Below is a summary of different blockchains' approach towards state bloat at the moment. Native Telos transactions use a resource rent model where different resources (CPU, network, storage) are priced separately and can be exchanged or rented. Storage on Telos (often described as RAM) has a cost, which is set via AMM type system (using Bancor algorithm). The total amount of data stored on chain gives the size of the state. If a smart contract removes data from state, the RAM asset is returned to it's original owner (the account which paid for the storage being recovered), the state size shrinks and that account can then sell the RAM back to the system if it wishes. Via this mechanism, responsible usage of storage is maintained.
Beyond state, the full blockchain history is also a necessary component of the overall blockchain functionality and can be scaled horizontally across a cluster of commodity hardware. The Hyperion history solution addresses this for both Telos and the tEVM using elastic search and is ran by many Telos validator nodes around the world.
Blockchain
State management model
Telos
Resource exchange model (REX) (does not apply to EVM yet)
Ethereum
No approved proposals
Binance Smart Chain
No approved proposals
Polygon
No approved proposals

Frontrunning protection

Frontrunning is a situation where miners or bots do a high-frequency trade against the transaction of a genuine buyer causing monetary loss to the buyer. Sandwich Trading is a common form of frontrunning on swap pools that consists of viewing a pending transaction in the mempool and issuing another transaction, buying a large amount of the same transaction to increase the price prior to the genuine buyer's transaction execution followed by a sale afterwards.
The net effect is that value is drawn from the genuine buyer. Frontrunning is accomplished either by bots scouring the mempool for transactions and issuing competing trades with much higher gas fees, or more insidiously, with the participation of miners on the Ethereum mainnet who perform the frontrunning with or paid by the bot operators. This may cause millions of dollars of losses for dapp users.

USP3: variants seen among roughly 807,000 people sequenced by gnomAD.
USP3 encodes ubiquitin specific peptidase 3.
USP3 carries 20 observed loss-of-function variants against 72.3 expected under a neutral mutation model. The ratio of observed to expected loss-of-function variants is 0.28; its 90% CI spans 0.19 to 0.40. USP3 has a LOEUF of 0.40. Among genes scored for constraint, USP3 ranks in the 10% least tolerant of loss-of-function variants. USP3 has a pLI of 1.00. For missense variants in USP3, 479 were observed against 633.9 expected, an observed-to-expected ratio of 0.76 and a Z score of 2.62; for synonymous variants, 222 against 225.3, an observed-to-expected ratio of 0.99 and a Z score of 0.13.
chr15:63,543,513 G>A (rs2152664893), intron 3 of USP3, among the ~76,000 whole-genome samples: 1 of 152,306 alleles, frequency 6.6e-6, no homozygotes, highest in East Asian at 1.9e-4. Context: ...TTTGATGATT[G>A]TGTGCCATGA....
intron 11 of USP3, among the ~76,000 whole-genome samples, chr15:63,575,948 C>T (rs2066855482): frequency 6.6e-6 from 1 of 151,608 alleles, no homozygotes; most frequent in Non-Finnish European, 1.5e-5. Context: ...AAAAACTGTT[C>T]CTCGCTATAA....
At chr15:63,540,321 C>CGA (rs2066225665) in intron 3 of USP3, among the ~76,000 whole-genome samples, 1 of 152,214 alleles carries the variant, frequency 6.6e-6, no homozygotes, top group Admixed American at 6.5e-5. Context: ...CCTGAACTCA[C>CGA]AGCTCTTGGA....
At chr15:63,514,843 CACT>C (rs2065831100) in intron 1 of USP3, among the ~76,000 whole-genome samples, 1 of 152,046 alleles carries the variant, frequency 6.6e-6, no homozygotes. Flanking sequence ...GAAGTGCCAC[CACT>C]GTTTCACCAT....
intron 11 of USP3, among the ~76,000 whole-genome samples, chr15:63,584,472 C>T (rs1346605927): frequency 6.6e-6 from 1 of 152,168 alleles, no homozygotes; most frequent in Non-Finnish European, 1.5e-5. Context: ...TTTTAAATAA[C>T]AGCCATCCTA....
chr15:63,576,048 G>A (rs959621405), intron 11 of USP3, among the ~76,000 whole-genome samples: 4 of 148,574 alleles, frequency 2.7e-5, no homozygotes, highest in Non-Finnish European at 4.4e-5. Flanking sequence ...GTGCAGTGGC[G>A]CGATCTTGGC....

Telos has binding rules for block producers, as described earlier. Any block producer that is caught manipulating transaction order can be blacklisted through on-chain governance. The fast block speed makes it less likely anyone can frontrun transactions in a public mempool. Telos native, and more importantly Telos EVM, have fixed transaction costs. Unlike other systems there is no opportunity for one account to pay a higher fee/gas price to get their transaction processed sooner than another user's transaction. As a result, frontrunning is functionally eliminated from Telos and Telos EVM transactions.
Blockchain
Frontrunning situation
Telos
Prevented through governance
Ethereum
Binance Smart Chain
No mitigation against frontrunning
Polygon
No mitigation against frontrunning

Arbitration

Telos has an arbitration process through a body called Telos Arbitration Organization (TAO). There exist a board of arbitrators, elected members voted through TLOS governance. They act independently from block producers. The arbitrators can get involved in dispute cases between Telos users, block producers and deployed smart contracts. More information about the arbitration process and arbitrators in Telos whitepaper.
Telos arbitration process has not yet been invoked but is planned for implementation by the end of 2021 or in any case where it proves critical to the network operations. The most common expected case of the invocation would be a large scale hack or a system failure. Eventually, Telos Arbitration will offer broad conflict resolution services on the Telos blockchain.
To read more about Telos on-chain governance, click here.